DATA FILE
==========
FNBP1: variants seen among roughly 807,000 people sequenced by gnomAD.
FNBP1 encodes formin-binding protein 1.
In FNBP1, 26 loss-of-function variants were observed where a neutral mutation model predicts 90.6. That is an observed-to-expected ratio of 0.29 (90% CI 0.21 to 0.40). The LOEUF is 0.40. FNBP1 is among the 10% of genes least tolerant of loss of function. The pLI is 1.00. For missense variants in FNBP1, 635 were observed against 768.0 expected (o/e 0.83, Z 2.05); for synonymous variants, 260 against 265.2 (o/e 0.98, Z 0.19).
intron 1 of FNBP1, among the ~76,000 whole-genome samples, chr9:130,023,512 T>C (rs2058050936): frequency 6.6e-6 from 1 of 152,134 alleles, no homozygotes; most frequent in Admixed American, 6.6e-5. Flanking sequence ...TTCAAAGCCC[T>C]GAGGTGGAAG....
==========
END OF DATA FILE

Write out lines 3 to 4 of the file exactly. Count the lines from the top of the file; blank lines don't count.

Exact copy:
In FNBP1, 26 loss-of-function variants were observed where a neutral mutation model predicts 90.6. That is an observed-to-expected ratio of 0.29 (90% CI 0.21 to 0.40). The LOEUF is 0.40. FNBP1 is among the 10% of genes least tolerant of loss of function. The pLI is 1.00. For missense variants in FNBP1, 635 were observed against 768.0 expected (o/e 0.83, Z 2.05); for synonymous variants, 260 against 265.2 (o/e 0.98, Z 0.19).
intron 1 of FNBP1, among the ~76,000 whole-genome samples, chr9:130,023,512 T>C (rs2058050936): frequency 6.6e-6 from 1 of 152,134 alleles, no homozygotes; most frequent in Admixed American, 6.6e-5. Flanking sequence ...TTCAAAGCCC[T>C]GAGGTGGAAG....